A new satellite is on a 1.5 million-kilometer, 110-day journey toward the sun. Once it reaches its orbit, DSCOVR — the Deep Space Climate Observatory — will replace an aging craft to monitor space weather.
DSCOVR will be fixed in orbit at L1, the so-called Lagrange point where the gravitational pull of the sun and of Earth cancel each other out. From this distant outpost, it will document the continuous stream of charged solar particles.
Life on Earth is mostly protected from those particles by the planet’s magnetic field and atmosphere. But Thomas Berger, director of the National Oceanic and Atmospheric Administration's Space Weather Prediction Center in Boulder, Colorado, said large-scale eruptions from the sun, called coronal mass ejections, can still be dangerous.
“Those are really, really large magnetic clouds that are expelled from the sun at very, very high speeds … and when those impact the Earth, that’s like a tsunami or a hurricane impacting the Earth in terms of space weather," he said.
Image showing charged particles racing from the sun which can cause power blackouts and distruption of radio signals that guide aviation and GPS systems.
Violent space weather can disable electric power grids, knock out satellites, and interrupt radio signals and aviation communications systems. This year marks the peak of the 11-year solar cycle, when extreme weather on the sun can most affect life on Earth.
Berger said full recovery from a really bad solar storm could take four to 10 years and cost between $1 trillion and $2 trillion, according to a recent report published by the National Research Council.
“There really is not much we can do about it, given that the sun is a gigantic star and we are just a tiny little planet in its orbit. However," he pointed out, "NOAA’s job and the Space Weather Prediction Center’s job in particular is to predict these phenomena and give people the watches, warnings and alerts that they need to take mitigation action.”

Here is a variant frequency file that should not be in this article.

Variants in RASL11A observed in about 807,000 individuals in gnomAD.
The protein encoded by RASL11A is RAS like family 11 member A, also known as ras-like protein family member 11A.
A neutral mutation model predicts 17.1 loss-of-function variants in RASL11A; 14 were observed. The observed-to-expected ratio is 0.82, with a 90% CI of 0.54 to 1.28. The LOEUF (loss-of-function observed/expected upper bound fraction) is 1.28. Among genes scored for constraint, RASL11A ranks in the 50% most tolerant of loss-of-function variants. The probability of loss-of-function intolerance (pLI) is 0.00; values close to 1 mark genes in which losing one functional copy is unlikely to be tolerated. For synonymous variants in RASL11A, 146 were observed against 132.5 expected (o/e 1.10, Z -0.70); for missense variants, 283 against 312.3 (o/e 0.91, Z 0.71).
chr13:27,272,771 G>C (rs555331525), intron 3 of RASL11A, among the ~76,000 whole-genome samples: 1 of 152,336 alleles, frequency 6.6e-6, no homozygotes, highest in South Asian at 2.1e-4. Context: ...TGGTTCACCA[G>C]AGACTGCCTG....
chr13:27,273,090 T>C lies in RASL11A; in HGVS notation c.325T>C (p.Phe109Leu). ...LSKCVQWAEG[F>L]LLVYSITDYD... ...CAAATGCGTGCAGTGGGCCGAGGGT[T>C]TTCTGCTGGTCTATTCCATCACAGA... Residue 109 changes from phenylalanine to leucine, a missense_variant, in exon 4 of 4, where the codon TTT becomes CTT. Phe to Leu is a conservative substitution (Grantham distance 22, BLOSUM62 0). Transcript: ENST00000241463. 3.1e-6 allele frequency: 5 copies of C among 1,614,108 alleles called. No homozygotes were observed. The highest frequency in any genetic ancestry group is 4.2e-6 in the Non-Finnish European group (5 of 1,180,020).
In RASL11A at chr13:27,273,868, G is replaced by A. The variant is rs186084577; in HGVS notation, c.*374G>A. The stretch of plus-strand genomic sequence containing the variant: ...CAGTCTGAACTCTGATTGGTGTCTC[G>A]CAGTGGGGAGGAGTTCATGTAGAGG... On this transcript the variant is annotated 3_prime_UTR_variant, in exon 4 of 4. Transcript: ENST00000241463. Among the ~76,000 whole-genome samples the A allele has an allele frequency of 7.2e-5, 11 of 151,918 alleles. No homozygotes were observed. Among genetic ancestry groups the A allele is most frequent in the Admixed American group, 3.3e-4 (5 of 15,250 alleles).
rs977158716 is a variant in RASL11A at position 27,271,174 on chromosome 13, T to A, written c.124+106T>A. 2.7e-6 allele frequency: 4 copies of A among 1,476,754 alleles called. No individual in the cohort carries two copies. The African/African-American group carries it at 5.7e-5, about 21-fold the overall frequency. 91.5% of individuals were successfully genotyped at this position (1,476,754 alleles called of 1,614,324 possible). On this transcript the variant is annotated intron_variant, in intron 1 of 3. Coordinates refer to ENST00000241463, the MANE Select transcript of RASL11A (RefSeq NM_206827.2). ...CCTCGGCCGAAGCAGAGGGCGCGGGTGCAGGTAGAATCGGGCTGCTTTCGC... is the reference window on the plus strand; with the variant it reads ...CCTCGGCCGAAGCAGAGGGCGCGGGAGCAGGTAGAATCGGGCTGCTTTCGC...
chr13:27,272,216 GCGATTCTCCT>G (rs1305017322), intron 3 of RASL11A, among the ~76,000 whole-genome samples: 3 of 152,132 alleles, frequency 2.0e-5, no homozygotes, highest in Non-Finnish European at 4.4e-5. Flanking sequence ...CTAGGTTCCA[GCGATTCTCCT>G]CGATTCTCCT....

A step ahead of the storm
DSCOVR will sit like a buoy in space. It will do the same job as NASA’s 17-year old Advanced Composition Explorer (ACE), which has worked long beyond its design life.
DSCOVR will ensure there is no gap in real-time solar observations. Berger said the satellite data will provide 15 to 60 minutes of advanced warning to managers on the ground.
“Fifteen to 60 minutes is enough time for power grid operators to take mitigation actions, such as spooling up other generators to balance loads,” he explained. “It’s enough time for satellite operators to take their satellites into safe mode if necessary. So, it’s enough time."
But space weather forecasters want more. Berger said projects are in the works to extend those alerts. “It would be great if we even had something even farther towards the sun, and that’s possible using perhaps solar sail technologies in the future, but right now what we can do is put something in that gravitational sweet spot and leave it there. That’s the DSCOVR satellite.”
ACE will stay in service
DSCOVR, like ACE, will issue planetary scale predictions and warnings. NOAA plans to use ACE data, too, as long as the aging satellite survives.
“We can tell you something is coming in,” Berger said. “However, with the ACE in the future and the upcoming models we’re developing, we’ll be able to tell you which regions of the Earth will be more or less susceptible to these incoming solar storms.” This will mean that for the first time, warnings will advise not only that a magnetic storm is heading toward Earth, but where it will strike.
DSCOVR also carries two NASA Earth-observing instruments that will gather a range of aerosol and ozone measurements for other science work. NOAA will operate the satellite and process the data. The mission is a joint partnership between NOAA, NASA and the U.S. Air Force.